Mick Mulvaney: Donald Trump is not a white supremacist – New York Post

WASHINGTON – Acting White House Chief of Staff Mick Mulvaney said Sunday there’s no link between President Trump and the New Zealand shooter, a white supremacist who spouted anti-immigrant rhetoric.

Mulvaney’s comments came during a discussion on “Fox News Sunday” about the killer’s 74-page manifesto that called Trump a symbol of “renewed white identity and common purpose.”

Mulvaney said the attack that killed 50 people was a “terrible, evil, tragic act” carried out by a “disturbed individual.”

But Fox News’ Chris Wallace pressed him on previous comments Trump made, including “I think Islam hates us” during a CNN interview in 2016.

Trump also mentioned the “invasion of drugs and criminals” on Friday when he vetoed a congressional resolution blocking his emergency declaration to build a wall on the southern border.

Wallace asked if Trump has considered making a major speech “condemning anti-Muslim, white supremacist bigotry?” because of the criticism he has faced.

“The president is not a white supremacist. I’m not sure how many times we have to say that,” Mulvaney replied.

“And to simply ask the question every time something happens overseas or even domestically, to say, ‘oh my goodness, it must somehow be the president’s fault,’ speaks to a politicization of everything that I think is undermining sort of the institutions that we have in the country today,” Mulvaney added.

While Trump labeled the mosque killings “monstrous terror attacks,” he said he doesn’t view nationalism as a wide threat because “I think it’s a small group of people that have very, very serious problems.”

On Sunday, Trump spent his morning defending Judge Jeanine Pirro, the Fox News host under fire for making anti-Muslim remarks about Democratic Rep. Ilhan Omar.

On CBS’ “Face the Nation” Mulvaney said he wanted to “push back against this idea that every time something bad happens around the world folks who don’t like Donald Trump seem to blame it on Donald Trump.”

“Donald Trump isn’t more to blame for what happened in New Zealand than Mark Zuckerberg is cause he invented Facebook,” Mulvaney told “Face the Nation” host Margaret Brennan.

The killer had live-streamed the massacre at two mosques before the video was finally taken down.

Mulvaney said finger pointing is a waste of time.

“The issue is how do you stop these crazy people? Whether or not there’s one of them or four of them doesn’t make a difference if they’re willing to go on live TV and stream the murder of people. That’s where time is better spent,” he said. “Instead of worrying about who’s to blame – how do we stop [them] from doing this?”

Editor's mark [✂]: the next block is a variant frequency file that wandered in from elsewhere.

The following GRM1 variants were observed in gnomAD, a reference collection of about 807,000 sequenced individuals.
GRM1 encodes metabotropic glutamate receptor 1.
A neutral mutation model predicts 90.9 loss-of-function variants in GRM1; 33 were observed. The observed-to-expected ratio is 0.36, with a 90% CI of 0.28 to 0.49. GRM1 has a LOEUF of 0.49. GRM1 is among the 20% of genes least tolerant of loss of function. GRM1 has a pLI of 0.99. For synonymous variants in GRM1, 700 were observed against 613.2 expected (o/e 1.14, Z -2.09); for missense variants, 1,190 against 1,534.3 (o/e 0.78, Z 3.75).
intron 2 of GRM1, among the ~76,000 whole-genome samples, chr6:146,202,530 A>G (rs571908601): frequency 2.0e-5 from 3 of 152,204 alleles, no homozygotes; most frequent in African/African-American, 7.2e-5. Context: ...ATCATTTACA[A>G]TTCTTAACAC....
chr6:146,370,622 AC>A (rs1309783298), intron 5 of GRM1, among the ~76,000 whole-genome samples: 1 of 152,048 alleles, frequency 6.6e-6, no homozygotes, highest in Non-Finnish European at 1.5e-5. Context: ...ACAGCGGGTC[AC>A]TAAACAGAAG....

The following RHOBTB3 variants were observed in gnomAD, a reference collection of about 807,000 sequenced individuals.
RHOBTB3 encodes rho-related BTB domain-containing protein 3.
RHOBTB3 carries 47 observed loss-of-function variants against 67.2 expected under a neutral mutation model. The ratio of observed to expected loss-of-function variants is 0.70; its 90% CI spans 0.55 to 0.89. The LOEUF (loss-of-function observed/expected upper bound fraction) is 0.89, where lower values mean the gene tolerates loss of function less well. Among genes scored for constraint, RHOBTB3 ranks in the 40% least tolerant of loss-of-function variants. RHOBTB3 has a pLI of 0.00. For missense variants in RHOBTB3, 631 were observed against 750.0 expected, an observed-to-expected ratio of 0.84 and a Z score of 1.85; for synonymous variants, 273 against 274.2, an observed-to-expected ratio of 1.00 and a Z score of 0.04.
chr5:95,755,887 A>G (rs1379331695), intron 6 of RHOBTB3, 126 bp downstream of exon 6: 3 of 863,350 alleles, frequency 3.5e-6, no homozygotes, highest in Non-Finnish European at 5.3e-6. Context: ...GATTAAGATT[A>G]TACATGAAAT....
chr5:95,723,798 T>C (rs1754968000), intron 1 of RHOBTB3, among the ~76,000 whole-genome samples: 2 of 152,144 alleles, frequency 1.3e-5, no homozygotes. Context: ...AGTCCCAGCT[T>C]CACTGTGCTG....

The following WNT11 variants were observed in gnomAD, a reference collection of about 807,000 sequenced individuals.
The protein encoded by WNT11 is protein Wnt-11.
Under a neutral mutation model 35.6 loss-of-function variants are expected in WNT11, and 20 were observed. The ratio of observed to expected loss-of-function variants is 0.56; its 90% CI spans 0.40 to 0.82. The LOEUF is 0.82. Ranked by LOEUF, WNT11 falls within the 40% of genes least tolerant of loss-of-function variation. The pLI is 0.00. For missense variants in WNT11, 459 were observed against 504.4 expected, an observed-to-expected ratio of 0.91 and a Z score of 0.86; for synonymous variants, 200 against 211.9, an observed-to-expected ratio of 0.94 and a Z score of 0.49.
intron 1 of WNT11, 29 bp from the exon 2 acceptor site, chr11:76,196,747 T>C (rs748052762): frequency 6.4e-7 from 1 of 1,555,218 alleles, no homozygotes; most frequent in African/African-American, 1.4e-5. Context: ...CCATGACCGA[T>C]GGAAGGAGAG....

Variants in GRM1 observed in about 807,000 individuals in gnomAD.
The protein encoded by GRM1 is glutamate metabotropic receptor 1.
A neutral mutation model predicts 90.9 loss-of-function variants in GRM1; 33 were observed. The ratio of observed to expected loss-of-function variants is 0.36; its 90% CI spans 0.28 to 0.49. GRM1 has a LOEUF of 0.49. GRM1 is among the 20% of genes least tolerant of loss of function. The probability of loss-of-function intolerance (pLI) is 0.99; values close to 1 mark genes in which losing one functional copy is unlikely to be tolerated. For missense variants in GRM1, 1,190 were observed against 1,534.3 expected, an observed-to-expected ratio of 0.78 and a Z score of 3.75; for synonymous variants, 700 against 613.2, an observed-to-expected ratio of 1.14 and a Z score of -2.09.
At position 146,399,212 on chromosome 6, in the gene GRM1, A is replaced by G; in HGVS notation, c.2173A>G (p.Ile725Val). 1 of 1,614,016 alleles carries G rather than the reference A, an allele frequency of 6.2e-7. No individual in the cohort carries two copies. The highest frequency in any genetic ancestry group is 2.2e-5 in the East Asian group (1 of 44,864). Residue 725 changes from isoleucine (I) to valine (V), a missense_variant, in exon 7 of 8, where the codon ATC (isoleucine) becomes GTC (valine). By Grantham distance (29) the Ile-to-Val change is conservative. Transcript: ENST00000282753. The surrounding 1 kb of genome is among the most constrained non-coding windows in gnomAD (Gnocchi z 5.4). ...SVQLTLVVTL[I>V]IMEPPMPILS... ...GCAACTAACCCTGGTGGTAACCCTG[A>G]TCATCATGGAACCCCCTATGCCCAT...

Brennan also asked Mulvaney why the president wouldn’t directly address white supremacy and anti-Muslim hatred.

“The president communicates in his way, different presidents communicate in their way,” Mulvaney said. “I don’t think anybody can claim that Donald Trump hasn’t done exactly what we want to do in this circumstance.”

Some Democrats, however, found Trump’s response lacking.

“It is on the rise and the president should call it out but sadly he’s not doing that,” Sen. Tim Kaine said on “Face the Nation,” explaining that he believes there’s an uptick in “white supremacy, anti-immigrant [and] anti-Muslim attitudes.”

“The president uses language often that’s very similar to the language used by these bigots and racists,” Kaine continued.

He pointed to Trump labeling his southern border crisis an “invasion,” which he did in the Oval Office Friday as he vetoed Congress’ move to roll back his national emergency declaration.

“And he used the word invaders to characterize people coming to the nation’s southern borders which was exactly the same phrase that the shooter in New Zealand used to characterize the Muslims that he was attacking,” Kaine said. “That kind of language from the person who probably has the loudest microphone on the planet Earth is hurtful and dangerous and it tends to incite violence.”

Former New Orleans Mayor Mitch Landrieu also criticized the president’s rhetoric.

“When he calls all Muslims terrorists, Mexicans rapists, African Americans criminals, he begins to judge people … based on race, creed, color, nation of origin, sexual orientation,” the Democrat said.

“At a minimum the president and the speaker of the House and everybody else in this country has to call that out for what it is and speak to it because it is viral and it will continue to get [worse],” Landrieu said on ABC’s “This Week.”

Speaking more broadly Sen. Chris Coons (D-Del.) told ABC News’ George Stephanopoulos that “one of the most despicable things about President Trump’s campaign and his actions as president has been the way in which he has seen the divisions in our country and tried to crack them open more widely for his own partisan political advantage.”

But Sen. Pat Toomey (R-Pa.), a member of the president’s own party, said it was unfair to connect Trump to the New Zealand shooter.

“I have often disagreed with things the president has said and the things that he has tweeted,” Toomey said on “Meet the Press.” “But I think it’s a long way to attributing any kind of real link between what the president might say or tweet and the extraordinary type of madness that leads someone to massacre people in large numbers, whether it’s in Pittsburgh at a synagogue or whether it’s in New Zealand.”

Comments

Write a Reply or Comment:

Your email address will not be published.*